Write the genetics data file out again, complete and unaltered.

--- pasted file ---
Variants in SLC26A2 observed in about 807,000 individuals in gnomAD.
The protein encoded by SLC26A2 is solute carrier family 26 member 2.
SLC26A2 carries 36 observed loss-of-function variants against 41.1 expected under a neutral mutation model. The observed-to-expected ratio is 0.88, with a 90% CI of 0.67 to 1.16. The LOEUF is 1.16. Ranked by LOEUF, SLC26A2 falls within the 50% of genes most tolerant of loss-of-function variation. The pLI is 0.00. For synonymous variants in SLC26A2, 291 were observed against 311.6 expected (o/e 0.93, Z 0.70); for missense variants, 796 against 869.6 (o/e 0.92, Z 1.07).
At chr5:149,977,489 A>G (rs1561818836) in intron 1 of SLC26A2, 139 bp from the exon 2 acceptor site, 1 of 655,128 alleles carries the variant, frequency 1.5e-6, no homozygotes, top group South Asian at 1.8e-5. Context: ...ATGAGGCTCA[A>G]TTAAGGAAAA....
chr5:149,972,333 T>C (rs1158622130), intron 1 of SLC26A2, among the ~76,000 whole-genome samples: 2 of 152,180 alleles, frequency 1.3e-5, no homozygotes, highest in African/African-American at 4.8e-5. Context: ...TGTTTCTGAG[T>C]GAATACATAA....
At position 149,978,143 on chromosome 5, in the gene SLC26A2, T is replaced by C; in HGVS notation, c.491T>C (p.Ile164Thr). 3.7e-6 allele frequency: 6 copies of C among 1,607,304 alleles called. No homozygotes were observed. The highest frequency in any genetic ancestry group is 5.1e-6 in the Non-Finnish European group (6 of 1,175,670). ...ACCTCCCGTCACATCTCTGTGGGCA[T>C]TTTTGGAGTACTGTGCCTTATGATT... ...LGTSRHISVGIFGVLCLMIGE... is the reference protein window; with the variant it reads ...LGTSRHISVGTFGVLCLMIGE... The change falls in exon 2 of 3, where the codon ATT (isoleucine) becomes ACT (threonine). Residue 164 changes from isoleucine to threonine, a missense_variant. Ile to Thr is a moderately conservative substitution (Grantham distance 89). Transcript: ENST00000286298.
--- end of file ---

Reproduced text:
Variants in SLC26A2 observed in about 807,000 individuals in gnomAD.
The protein encoded by SLC26A2 is solute carrier family 26 member 2.
SLC26A2 carries 36 observed loss-of-function variants against 41.1 expected under a neutral mutation model. The observed-to-expected ratio is 0.88, with a 90% CI of 0.67 to 1.16. The LOEUF is 1.16. Ranked by LOEUF, SLC26A2 falls within the 50% of genes most tolerant of loss-of-function variation. The pLI is 0.00. For synonymous variants in SLC26A2, 291 were observed against 311.6 expected (o/e 0.93, Z 0.70); for missense variants, 796 against 869.6 (o/e 0.92, Z 1.07).
At chr5:149,977,489 A>G (rs1561818836) in intron 1 of SLC26A2, 139 bp from the exon 2 acceptor site, 1 of 655,128 alleles carries the variant, frequency 1.5e-6, no homozygotes, top group South Asian at 1.8e-5. Context: ...ATGAGGCTCA[A>G]TTAAGGAAAA....
chr5:149,972,333 T>C (rs1158622130), intron 1 of SLC26A2, among the ~76,000 whole-genome samples: 2 of 152,180 alleles, frequency 1.3e-5, no homozygotes, highest in African/African-American at 4.8e-5. Context: ...TGTTTCTGAG[T>C]GAATACATAA....
At position 149,978,143 on chromosome 5, in the gene SLC26A2, T is replaced by C; in HGVS notation, c.491T>C (p.Ile164Thr). 3.7e-6 allele frequency: 6 copies of C among 1,607,304 alleles called. No homozygotes were observed. The highest frequency in any genetic ancestry group is 5.1e-6 in the Non-Finnish European group (6 of 1,175,670). ...ACCTCCCGTCACATCTCTGTGGGCA[T>C]TTTTGGAGTACTGTGCCTTATGATT... ...LGTSRHISVGIFGVLCLMIGE... is the reference protein window; with the variant it reads ...LGTSRHISVGTFGVLCLMIGE... The change falls in exon 2 of 3, where the codon ATT (isoleucine) becomes ACT (threonine). Residue 164 changes from isoleucine to threonine, a missense_variant. Ile to Thr is a moderately conservative substitution (Grantham distance 89). Transcript: ENST00000286298.